Contracting with an agency to provide marketing services for your company is a daunting investment. As a business owner, you are trusting an outside organization to represent your brand or your product, and with that investment, you want the agency to help you take your company to the next level. You need creativity and vision to get there, and that’s what a good marketing agency provides.
When you begin to interview agencies, you’ll see that like all other businesses, they come in various sizes. Naturally, it’s easy to assume a bigger agency may be better at what they do. Sometimes it’s hard to get past the glitz and glam of the pitch, and get an accurate picture of which agency might be the best fit. A larger marketing agency may have more visuals or pitches to entice your business, but it may not be the best fit for your company and your vision. Here are some things to consider:
A smaller agency may give you more personalized attention. Don’t judge a marketing agency by the number of clients they list on their website. A longer client roll may mean that you get lost in the shuffle. Smaller agencies have easier communication processes, which may result in direct communication with decision makers at the agency. There is more one-on-one time. You’ll meet more of the agency’s employees, too.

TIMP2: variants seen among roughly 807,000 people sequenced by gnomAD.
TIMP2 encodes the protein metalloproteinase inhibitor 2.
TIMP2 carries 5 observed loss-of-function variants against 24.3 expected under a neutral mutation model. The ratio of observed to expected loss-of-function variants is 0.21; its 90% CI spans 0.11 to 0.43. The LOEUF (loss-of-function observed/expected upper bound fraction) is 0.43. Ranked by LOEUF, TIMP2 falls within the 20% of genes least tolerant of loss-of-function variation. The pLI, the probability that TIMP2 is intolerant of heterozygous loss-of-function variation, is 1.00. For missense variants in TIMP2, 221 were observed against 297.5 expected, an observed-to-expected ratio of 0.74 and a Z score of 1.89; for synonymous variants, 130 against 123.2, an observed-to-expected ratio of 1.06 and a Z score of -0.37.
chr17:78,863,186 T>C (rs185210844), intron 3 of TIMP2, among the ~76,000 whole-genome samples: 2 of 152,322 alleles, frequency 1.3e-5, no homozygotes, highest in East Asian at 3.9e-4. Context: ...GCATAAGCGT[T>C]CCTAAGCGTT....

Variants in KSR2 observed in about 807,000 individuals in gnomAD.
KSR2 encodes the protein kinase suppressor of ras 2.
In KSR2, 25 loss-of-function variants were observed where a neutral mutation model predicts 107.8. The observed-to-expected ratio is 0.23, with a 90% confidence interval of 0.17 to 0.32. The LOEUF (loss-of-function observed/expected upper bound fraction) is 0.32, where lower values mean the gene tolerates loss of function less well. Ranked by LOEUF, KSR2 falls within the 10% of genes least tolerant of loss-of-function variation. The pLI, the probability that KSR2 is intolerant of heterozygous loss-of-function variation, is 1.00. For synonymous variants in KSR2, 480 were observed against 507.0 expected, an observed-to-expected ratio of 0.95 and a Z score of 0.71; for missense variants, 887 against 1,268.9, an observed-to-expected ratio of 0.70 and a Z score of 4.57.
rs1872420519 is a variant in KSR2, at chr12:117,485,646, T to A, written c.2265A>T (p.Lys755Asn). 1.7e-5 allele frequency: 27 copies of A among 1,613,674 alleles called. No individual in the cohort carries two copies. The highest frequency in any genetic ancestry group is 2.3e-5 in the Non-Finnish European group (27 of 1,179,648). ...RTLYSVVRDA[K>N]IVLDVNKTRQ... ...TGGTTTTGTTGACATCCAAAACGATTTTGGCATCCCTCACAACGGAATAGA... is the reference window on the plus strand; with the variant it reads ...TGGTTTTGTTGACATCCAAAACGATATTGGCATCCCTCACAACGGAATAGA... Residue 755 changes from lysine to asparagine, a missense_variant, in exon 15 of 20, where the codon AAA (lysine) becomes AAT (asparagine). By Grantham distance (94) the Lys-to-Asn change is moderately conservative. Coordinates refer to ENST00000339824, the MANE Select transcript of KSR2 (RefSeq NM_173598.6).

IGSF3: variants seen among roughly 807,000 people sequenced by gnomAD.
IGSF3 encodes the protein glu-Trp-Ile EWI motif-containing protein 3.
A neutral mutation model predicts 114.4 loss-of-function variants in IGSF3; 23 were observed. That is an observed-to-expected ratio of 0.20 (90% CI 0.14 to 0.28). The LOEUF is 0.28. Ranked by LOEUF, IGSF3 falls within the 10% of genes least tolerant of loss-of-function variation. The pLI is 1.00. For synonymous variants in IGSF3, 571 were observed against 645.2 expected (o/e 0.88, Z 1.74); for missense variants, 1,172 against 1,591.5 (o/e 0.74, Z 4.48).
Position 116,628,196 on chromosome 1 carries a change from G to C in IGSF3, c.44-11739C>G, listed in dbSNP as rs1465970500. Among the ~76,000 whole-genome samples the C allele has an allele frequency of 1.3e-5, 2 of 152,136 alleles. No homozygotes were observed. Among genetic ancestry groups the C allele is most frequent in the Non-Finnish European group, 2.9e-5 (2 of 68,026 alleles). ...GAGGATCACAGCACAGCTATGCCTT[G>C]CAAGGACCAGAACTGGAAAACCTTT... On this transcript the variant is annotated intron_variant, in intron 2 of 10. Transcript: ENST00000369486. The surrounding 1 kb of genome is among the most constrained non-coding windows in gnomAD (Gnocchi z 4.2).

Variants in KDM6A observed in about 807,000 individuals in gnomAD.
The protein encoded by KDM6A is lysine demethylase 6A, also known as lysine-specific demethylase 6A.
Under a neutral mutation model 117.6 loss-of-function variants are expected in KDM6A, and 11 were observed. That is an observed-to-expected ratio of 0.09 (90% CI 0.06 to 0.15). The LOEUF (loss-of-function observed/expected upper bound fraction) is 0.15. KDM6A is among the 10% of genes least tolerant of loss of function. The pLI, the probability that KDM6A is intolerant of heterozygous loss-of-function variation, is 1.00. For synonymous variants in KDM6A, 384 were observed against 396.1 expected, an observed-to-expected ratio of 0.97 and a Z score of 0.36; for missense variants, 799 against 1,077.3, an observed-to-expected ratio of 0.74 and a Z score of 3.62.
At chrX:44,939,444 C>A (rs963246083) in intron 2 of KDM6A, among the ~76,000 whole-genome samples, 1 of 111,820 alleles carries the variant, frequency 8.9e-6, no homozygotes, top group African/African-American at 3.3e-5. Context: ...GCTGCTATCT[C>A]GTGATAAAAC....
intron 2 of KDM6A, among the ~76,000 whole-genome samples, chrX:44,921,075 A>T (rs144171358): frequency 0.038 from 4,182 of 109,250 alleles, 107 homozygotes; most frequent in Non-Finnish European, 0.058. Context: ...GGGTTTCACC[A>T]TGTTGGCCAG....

Consider the demographic of the agency–it may be the same as your business’ demographic. Assess the age and size of the agency. A smaller agency may mean younger talent in desirable age groups. Millenials, a fast emerging demographic, will be able to give your business the perspective that it needs to take it to the next level and preserve it for the future. Younger people are more likely to be attracted to a small, creative agency where they can test their abilities; as a result, the energy level may be higher. Does that appeal to you? Examine the culture and philosophy of the marketing agency. Is it complementary to your company’s vision?
What kind of creative flexibility does the agency offer? Less staff may mean that the marketing agency can engage more employees on your company’s account, and that means more people are focused on your goals. They will all be brainstorming on your project. Larger agencies may have more resources, and may be a good fit if your product or industry marketing plan requires a lot of research.
What is your budget? What kind of turnaround do you need? While larger agencies may have established processes, smaller marketing agencies may have less overhead—and can pass that savings along to you. That’s better bang for your buck, and means there’s less of a process for the work queue, which results in a quicker turnaround on your project. This may make a smaller agency an easier creative risk than a big agency with more staff people on the payroll.
Budgets are always important—but if you want to build your business, you might have to take risks. Vetting a marketing agency takes time. Don’t rush the process, and you’ll find an agency that fits you, your company, and your vision for the future.